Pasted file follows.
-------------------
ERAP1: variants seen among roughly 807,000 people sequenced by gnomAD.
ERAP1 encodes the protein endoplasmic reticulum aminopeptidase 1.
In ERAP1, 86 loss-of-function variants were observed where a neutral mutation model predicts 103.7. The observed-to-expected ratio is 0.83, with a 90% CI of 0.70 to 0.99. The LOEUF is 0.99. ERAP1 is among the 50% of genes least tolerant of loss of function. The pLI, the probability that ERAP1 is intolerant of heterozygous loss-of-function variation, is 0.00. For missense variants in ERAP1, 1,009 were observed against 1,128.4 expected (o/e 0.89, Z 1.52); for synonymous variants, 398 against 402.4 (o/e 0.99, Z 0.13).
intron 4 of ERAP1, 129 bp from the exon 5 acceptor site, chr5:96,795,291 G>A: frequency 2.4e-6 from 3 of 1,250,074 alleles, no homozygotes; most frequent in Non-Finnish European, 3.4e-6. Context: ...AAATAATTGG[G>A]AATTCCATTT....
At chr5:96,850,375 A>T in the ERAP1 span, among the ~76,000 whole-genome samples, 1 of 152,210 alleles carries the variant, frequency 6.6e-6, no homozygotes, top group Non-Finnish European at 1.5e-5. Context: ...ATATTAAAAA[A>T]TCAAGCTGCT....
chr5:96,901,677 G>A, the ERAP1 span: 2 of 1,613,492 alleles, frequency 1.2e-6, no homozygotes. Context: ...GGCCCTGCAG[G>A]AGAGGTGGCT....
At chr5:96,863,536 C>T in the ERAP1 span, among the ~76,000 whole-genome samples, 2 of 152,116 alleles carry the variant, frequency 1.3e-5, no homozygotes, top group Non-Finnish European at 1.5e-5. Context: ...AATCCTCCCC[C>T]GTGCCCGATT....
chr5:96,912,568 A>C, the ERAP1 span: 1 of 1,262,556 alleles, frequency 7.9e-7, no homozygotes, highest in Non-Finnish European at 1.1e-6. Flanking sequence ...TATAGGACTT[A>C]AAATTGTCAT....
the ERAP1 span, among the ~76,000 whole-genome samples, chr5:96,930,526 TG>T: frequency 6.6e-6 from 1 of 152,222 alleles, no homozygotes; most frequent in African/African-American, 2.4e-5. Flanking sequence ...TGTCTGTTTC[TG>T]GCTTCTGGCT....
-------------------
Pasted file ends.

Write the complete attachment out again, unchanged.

ERAP1: variants seen among roughly 807,000 people sequenced by gnomAD.
ERAP1 encodes the protein endoplasmic reticulum aminopeptidase 1.
In ERAP1, 86 loss-of-function variants were observed where a neutral mutation model predicts 103.7. The observed-to-expected ratio is 0.83, with a 90% CI of 0.70 to 0.99. The LOEUF is 0.99. ERAP1 is among the 50% of genes least tolerant of loss of function. The pLI, the probability that ERAP1 is intolerant of heterozygous loss-of-function variation, is 0.00. For missense variants in ERAP1, 1,009 were observed against 1,128.4 expected (o/e 0.89, Z 1.52); for synonymous variants, 398 against 402.4 (o/e 0.99, Z 0.13).
intron 4 of ERAP1, 129 bp from the exon 5 acceptor site, chr5:96,795,291 G>A: frequency 2.4e-6 from 3 of 1,250,074 alleles, no homozygotes; most frequent in Non-Finnish European, 3.4e-6. Context: ...AAATAATTGG[G>A]AATTCCATTT....
At chr5:96,850,375 A>T in the ERAP1 span, among the ~76,000 whole-genome samples, 1 of 152,210 alleles carries the variant, frequency 6.6e-6, no homozygotes, top group Non-Finnish European at 1.5e-5. Context: ...ATATTAAAAA[A>T]TCAAGCTGCT....
chr5:96,901,677 G>A, the ERAP1 span: 2 of 1,613,492 alleles, frequency 1.2e-6, no homozygotes. Context: ...GGCCCTGCAG[G>A]AGAGGTGGCT....
At chr5:96,863,536 C>T in the ERAP1 span, among the ~76,000 whole-genome samples, 2 of 152,116 alleles carry the variant, frequency 1.3e-5, no homozygotes, top group Non-Finnish European at 1.5e-5. Context: ...AATCCTCCCC[C>T]GTGCCCGATT....
chr5:96,912,568 A>C, the ERAP1 span: 1 of 1,262,556 alleles, frequency 7.9e-7, no homozygotes, highest in Non-Finnish European at 1.1e-6. Flanking sequence ...TATAGGACTT[A>C]AAATTGTCAT....
the ERAP1 span, among the ~76,000 whole-genome samples, chr5:96,930,526 TG>T: frequency 6.6e-6 from 1 of 152,222 alleles, no homozygotes; most frequent in African/African-American, 2.4e-5. Flanking sequence ...TGTCTGTTTC[TG>T]GCTTCTGGCT....